Steamboat Springs ultra marathon pumps up prize money
STEAMBOAT SPRINGS — The tents and coolers and generators and tables and all the rest of the vast array of equipment it takes to put on a 100-mile trail running race are only just put away.
The Steamboat Springs-based Run, Rabbit Run 100-mile trail ultramarathon is already thinking big for 2018, however, and it established as much with a bold announcement Monday.
The race has already been notable for its fat prize purse, $65,000 total and $12,500 to both the men’s and women’s winners.
Now organizers are hoping they’ve found a way to inject another $100,000 into their race, proposing a first-of-its-kind challenge among three-racer teams.
They’re hoping to lure 10 teams of three ultra runners, each ponying up $10,000 to create that six-figured pot. The team with the lowest combined time between its fastest man and fastest woman will walk away with $50,000, meaning (assuming a championship individual performance and an even split of the big team prize) a runner could jog away with nearly $30,000.
“We’ve had a lot of interest already,” said Paul Sachs, a co-founder of the annual race. “Maybe we will pull this off.
“We’re just hoping to really drive this to bring even more people from around the world for the race,” Sachs explained. “We had 14 countries this year. We’d like to get more European runners to come and really make Run, Rabbit Run a race you absolutely want to do if you’re one of the top runners in the world.”
The potential for a $30,000 prize may very well do that.
They’re calling it the “Rabbit Cup,” and it will come with some perks. Teams entered will receive free lodging in Steamboat for the race.
The payout will go six teams deep, too, limiting some of the risk for athletes digging deep to find their share of $10,000. Second place will pay $20,000, third $15,000, fourth $10,000, fifth $5,000 and sixth $3,000.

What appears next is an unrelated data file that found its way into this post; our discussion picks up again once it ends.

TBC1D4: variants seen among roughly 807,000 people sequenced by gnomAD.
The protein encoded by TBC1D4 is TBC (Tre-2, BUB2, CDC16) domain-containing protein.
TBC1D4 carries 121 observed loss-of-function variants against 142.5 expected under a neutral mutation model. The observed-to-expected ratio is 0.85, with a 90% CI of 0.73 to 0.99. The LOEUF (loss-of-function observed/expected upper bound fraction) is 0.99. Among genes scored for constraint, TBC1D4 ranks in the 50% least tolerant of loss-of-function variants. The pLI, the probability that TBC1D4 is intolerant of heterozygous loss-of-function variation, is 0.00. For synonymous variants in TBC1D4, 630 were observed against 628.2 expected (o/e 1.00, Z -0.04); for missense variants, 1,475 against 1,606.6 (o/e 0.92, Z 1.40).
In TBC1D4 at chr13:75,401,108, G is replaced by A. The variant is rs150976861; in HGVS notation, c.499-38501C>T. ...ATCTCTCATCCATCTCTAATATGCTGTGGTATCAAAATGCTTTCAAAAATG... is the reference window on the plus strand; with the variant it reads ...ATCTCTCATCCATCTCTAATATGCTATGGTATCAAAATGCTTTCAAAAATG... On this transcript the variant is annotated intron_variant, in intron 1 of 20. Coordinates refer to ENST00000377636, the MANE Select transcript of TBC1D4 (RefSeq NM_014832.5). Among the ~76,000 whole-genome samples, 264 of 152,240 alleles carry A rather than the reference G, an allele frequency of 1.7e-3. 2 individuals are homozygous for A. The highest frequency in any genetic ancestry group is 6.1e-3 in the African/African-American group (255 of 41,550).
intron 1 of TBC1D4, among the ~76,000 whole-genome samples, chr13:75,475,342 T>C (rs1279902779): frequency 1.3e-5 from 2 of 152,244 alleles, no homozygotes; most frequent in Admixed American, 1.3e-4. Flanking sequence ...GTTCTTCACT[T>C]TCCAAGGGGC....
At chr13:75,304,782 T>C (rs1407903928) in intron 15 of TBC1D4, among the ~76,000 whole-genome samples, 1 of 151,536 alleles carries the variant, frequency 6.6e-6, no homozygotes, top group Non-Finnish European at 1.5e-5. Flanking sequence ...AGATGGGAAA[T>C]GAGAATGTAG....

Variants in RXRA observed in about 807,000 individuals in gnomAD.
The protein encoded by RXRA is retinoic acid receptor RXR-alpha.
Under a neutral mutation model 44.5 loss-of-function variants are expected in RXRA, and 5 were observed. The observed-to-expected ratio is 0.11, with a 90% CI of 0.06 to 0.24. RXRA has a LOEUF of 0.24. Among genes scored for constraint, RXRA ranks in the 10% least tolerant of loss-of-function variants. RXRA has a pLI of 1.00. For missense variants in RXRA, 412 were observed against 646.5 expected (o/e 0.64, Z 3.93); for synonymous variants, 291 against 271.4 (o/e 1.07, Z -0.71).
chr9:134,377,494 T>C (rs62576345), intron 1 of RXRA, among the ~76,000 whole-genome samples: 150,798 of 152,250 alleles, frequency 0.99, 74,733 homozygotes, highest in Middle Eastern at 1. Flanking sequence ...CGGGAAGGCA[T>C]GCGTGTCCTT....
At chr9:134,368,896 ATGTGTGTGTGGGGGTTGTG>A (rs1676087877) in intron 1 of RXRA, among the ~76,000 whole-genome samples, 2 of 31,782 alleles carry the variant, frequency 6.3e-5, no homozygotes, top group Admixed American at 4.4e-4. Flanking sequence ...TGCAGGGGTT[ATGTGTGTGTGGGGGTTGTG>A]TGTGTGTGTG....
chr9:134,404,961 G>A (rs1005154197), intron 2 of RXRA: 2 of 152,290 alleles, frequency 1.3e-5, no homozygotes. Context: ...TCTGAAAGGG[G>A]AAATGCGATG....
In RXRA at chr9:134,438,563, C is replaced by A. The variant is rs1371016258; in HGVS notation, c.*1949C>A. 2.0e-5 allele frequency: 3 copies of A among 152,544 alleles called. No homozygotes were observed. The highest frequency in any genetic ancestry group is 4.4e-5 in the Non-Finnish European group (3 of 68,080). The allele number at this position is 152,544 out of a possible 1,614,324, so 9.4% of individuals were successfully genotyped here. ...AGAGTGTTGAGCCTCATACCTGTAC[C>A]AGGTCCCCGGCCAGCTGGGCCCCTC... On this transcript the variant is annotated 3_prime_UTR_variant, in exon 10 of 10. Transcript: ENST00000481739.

Organizers are expecting some major trail running and sports equipment sponsors may pony up the entry fee for a team of their sponsored athletes, and they’re wondering how aggressive teams may get when it comes to trying to sign top contenders to their team of three.
The prizes don’t have to be split evenly. Perhaps a true individual title contender could negotiate a 50/25/25 split?
“We’re not sure how it’s going to work but part of the thought is it will bring 30 of the absolute best ultra runners in the world here to race because you’re not putting up $10,000 to not have the best people you can get out on that course,” Sachs said.
Run, Rabbit Run launched in 2006 as a 50-mile race but took a big step up in a number of ways in 2012 with the addition of a 100-mile event. Organizers sought to build a $100,000 prize purse, and that big check brought out many of the top runners in the country and some of the best in the world, unique for a first-year race.
That prize purse has settled in closer to $65,000 in the years since, and the race has been drawing about 90 runners to its “hare” division, the division eligible for the big prize money.
Sachs said he didn’t necessarily expect the change to draw more athletes, not right away, at least. Instead, he said the Cup serves the same purpose as the big prize purse did in 2012. It’s a way to keep Run, Rabbit Run on an increasingly crowded calendar of ultra-endurance events.
One thing for all runners or anyone with a bruised bank account to consider: there’s still plenty of time to train.
Run, Rabbit Run registration is expected to open with discounted registration — less than the $265 last year’s rates started at — in early November.
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